V Festival 2010 Staffs: Rated!
Weston Park, Staffordshire - 21-22 August
Leanne Kelsall - 23 August 2010
Overall - 8/10
For many, rural Staffordshire is thought of as just a service station on the motorway however, this theory is substantially destroyed when V Festival comes to town. It’s hard to believe such an abundance of huge names are in one place, in just one weekend.
Where else can you start your morning with thousands of chirpy festival goers sexually swaying to ‘Mysterious Girl’ with Peter Andre, followed by an afternoon spent jigging around to Seasick Steve as he metaphorically makes love to his banjo? Where else can you spend an evening joining in on a fiery rave with Faithless as they play ‘We Come One’ under a golden sun set, followed by a set from The Prodigy who single-handedly destroy the boundaries of what’s classed as an unforgettable performance? All of this (and more) on your average August weekend makes this festival worth the money and a memorable experience for anyone attending.
Getting There and Back - 7/10
Ticket holders can get a return bus journey for an affordable £8 which runs frequently throughout Friday and Monday. If you fancy braving the traffic into Weston Park there’s a car park on site, as well as a drop off point. Expect the usual tedious festival queuing before getting into the camp site; open a beer to ease the pain.
There’s no doubt that V Festival puts Staffordshire, a county which previously remained unknown to the majority of man kind, on the map. Unfortunately, its founders didn’t design Stafford, nor its quaint surroundings whilst considering an onslaught of 90,000 festival-goers. This results in inevitable queues for buses and traffic jams into Weston Park. V organisers do their best to deal with this, as traffic wardens and queue security are sufficiently dotted around.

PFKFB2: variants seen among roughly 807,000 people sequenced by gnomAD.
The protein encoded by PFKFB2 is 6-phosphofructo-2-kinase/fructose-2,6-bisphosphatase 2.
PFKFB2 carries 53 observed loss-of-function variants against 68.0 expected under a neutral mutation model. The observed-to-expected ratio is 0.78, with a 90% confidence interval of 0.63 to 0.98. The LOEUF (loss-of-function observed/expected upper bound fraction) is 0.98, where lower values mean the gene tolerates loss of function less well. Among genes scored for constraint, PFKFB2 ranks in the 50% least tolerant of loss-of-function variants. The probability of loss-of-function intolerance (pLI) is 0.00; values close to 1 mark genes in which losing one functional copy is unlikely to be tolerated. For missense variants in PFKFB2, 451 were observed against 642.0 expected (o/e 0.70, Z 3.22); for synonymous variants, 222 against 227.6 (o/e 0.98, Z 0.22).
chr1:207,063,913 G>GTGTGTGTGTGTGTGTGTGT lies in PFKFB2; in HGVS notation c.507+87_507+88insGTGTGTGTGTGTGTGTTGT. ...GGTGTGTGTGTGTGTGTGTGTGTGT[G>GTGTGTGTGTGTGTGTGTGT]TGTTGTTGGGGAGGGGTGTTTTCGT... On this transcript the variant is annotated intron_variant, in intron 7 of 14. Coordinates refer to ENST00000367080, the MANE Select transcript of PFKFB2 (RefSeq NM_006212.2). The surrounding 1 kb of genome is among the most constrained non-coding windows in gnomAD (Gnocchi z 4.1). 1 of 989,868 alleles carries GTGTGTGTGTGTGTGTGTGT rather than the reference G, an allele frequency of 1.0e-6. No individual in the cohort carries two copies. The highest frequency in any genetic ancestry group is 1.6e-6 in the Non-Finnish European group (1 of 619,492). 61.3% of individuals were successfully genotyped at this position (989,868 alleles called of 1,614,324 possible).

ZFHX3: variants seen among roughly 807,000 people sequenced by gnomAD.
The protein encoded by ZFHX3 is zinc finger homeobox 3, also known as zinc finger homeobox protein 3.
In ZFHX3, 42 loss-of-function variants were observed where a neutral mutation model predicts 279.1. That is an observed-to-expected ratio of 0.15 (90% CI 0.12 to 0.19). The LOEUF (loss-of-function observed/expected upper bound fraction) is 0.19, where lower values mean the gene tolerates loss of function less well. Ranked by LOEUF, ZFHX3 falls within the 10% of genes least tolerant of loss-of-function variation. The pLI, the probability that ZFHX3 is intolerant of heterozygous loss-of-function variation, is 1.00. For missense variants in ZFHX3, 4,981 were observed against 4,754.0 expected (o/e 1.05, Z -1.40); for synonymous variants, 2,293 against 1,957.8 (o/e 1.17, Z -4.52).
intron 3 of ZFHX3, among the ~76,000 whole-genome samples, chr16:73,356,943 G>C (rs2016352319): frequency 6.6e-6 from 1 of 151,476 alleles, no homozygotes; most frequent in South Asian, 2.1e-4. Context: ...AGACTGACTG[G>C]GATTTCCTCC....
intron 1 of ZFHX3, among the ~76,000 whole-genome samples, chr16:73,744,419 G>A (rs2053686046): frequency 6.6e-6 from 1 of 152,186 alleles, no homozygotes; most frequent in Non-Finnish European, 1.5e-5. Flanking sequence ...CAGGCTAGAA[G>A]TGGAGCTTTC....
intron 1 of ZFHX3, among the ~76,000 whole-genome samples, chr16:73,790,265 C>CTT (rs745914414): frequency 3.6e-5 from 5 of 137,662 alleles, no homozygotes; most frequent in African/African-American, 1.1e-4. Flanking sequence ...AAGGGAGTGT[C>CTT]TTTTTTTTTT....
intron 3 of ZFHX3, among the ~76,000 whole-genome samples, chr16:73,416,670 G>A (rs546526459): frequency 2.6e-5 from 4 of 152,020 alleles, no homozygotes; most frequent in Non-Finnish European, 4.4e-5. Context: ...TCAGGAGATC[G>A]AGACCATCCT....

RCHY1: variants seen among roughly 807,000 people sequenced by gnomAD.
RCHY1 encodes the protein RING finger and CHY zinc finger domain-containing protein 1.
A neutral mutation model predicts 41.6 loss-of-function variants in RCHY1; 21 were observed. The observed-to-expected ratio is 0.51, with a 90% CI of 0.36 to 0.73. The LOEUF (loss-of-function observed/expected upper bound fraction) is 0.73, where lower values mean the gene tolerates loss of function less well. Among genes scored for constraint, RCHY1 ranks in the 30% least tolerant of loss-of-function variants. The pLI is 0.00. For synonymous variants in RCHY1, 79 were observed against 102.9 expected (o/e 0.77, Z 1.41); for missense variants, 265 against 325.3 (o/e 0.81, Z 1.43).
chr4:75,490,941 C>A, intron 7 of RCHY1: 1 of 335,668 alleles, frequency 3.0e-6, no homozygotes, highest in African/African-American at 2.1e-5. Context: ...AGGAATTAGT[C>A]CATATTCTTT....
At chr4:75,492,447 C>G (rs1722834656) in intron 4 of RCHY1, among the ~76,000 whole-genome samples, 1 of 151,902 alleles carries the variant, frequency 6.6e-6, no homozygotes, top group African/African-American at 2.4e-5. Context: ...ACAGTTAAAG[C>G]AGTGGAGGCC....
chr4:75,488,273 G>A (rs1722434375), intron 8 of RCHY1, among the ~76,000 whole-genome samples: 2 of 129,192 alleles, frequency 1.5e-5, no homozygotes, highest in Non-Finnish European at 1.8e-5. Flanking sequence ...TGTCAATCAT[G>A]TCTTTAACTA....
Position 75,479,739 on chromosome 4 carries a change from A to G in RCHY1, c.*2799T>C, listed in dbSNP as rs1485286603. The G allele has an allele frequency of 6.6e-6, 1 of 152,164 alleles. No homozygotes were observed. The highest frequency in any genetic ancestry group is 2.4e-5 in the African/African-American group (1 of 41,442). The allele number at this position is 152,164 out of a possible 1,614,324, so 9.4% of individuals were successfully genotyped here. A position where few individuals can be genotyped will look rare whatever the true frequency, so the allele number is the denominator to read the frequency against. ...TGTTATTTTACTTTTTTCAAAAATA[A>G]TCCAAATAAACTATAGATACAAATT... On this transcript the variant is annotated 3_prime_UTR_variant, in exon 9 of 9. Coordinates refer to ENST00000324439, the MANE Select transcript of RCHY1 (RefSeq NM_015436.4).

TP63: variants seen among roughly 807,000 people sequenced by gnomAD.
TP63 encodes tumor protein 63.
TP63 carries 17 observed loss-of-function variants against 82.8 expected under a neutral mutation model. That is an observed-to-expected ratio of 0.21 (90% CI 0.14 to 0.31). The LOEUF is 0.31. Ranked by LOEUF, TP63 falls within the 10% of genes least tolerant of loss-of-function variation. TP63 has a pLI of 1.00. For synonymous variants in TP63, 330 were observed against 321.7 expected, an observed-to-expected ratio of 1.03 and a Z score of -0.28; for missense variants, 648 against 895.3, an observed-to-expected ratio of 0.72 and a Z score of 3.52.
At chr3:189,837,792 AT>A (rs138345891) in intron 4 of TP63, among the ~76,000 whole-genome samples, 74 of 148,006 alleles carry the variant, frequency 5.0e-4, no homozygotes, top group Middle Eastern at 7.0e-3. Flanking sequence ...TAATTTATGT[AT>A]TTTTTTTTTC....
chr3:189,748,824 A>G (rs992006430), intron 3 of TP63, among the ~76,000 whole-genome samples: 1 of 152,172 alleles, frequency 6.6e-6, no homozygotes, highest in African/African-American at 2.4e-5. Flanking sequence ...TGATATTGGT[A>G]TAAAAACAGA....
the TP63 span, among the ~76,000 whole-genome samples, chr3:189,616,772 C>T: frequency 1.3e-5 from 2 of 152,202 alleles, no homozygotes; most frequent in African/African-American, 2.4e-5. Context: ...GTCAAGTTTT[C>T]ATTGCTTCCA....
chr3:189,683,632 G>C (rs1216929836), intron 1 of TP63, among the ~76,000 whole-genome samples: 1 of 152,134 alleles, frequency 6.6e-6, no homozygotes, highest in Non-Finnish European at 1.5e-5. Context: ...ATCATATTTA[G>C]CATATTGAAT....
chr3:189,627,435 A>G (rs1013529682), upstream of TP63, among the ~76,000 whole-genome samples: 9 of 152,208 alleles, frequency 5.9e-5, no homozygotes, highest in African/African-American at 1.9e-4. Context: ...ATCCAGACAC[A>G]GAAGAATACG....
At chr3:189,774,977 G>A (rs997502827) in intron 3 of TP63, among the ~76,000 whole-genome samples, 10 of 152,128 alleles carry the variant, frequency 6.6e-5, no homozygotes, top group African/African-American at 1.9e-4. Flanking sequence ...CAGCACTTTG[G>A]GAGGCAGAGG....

The Site - 7/10
The Main Stage and 4 Music Stage boasts plentiful crowd space, so there’s room for dancing and drinking even near the front, where you’d usually be packed like sardines. The Virgin Union Tent has increased in size, as has the Nissan Juke Tent which offers a unique escape from the outdoor commotion at V and of course, the rain. Since many favour the huge names performing at Nissan Juke, organisers should install some screens outside the area so no one misses out on the action.
The Strongbow Tent creates a friendly pub experience with a beer garden and an intimate performance area and it’s just £1.90 for half a pint.
Elsewhere, red lighting illuminates the Bacardi Tent which features performances from DJs such as Kissy Sell Out and Krafty Kuts. Mojitos anyone?
The site has a diverse variety of eateries and the V Healthy area accommodates for those with healthier dietary requirements. Shops and stalls turn the festival into a late night market after the music finishes, with no end of spectacular bits and bobs that drunken festival-goers are happy to splash their cash on.
Atmosphere - 7/10
Each year V Festival has increased in capacity but organisers don’t seem to have increased staff numbers to cope with this change, so endless queuing for just about everything puts a downer on the experience. Come 11pm at the festival and there’s a sudden stop in all music, so campers make their own entertainment or face paying the £5 minimum charge for each fair ground ride. Nevertheless, the atmosphere created by the musicians is unique and the excitement from some astounding performances each night lasts until the early hours, before staring up the next day as the arena opens.